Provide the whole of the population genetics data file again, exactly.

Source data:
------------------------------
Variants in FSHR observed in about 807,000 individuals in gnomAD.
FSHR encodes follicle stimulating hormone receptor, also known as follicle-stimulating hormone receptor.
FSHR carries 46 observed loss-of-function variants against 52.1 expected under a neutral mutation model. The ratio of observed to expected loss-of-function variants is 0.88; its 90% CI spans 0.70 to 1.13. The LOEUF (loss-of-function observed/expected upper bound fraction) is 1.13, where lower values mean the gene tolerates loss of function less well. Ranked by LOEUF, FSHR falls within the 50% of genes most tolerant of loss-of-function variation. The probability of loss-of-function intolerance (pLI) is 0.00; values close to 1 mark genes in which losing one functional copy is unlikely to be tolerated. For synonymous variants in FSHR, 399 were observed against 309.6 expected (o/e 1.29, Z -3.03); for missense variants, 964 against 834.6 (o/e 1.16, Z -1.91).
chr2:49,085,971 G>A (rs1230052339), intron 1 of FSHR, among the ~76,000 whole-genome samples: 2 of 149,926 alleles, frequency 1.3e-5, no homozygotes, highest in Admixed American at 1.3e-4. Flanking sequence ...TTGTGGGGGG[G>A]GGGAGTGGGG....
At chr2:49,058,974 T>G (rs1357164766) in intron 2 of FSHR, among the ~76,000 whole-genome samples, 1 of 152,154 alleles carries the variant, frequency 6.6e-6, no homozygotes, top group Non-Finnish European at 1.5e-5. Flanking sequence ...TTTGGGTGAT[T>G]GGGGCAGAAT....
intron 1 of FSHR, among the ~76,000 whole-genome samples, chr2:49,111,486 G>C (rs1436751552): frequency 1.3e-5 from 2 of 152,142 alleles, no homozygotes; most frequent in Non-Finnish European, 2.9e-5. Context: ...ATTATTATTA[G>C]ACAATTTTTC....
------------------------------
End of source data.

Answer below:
Variants in FSHR observed in about 807,000 individuals in gnomAD.
FSHR encodes follicle stimulating hormone receptor, also known as follicle-stimulating hormone receptor.
FSHR carries 46 observed loss-of-function variants against 52.1 expected under a neutral mutation model. The ratio of observed to expected loss-of-function variants is 0.88; its 90% CI spans 0.70 to 1.13. The LOEUF (loss-of-function observed/expected upper bound fraction) is 1.13, where lower values mean the gene tolerates loss of function less well. Ranked by LOEUF, FSHR falls within the 50% of genes most tolerant of loss-of-function variation. The probability of loss-of-function intolerance (pLI) is 0.00; values close to 1 mark genes in which losing one functional copy is unlikely to be tolerated. For synonymous variants in FSHR, 399 were observed against 309.6 expected (o/e 1.29, Z -3.03); for missense variants, 964 against 834.6 (o/e 1.16, Z -1.91).
chr2:49,085,971 G>A (rs1230052339), intron 1 of FSHR, among the ~76,000 whole-genome samples: 2 of 149,926 alleles, frequency 1.3e-5, no homozygotes, highest in Admixed American at 1.3e-4. Flanking sequence ...TTGTGGGGGG[G>A]GGGAGTGGGG....
At chr2:49,058,974 T>G (rs1357164766) in intron 2 of FSHR, among the ~76,000 whole-genome samples, 1 of 152,154 alleles carries the variant, frequency 6.6e-6, no homozygotes, top group Non-Finnish European at 1.5e-5. Flanking sequence ...TTTGGGTGAT[T>G]GGGGCAGAAT....
intron 1 of FSHR, among the ~76,000 whole-genome samples, chr2:49,111,486 G>C (rs1436751552): frequency 1.3e-5 from 2 of 152,142 alleles, no homozygotes; most frequent in Non-Finnish European, 2.9e-5. Context: ...ATTATTATTA[G>C]ACAATTTTTC....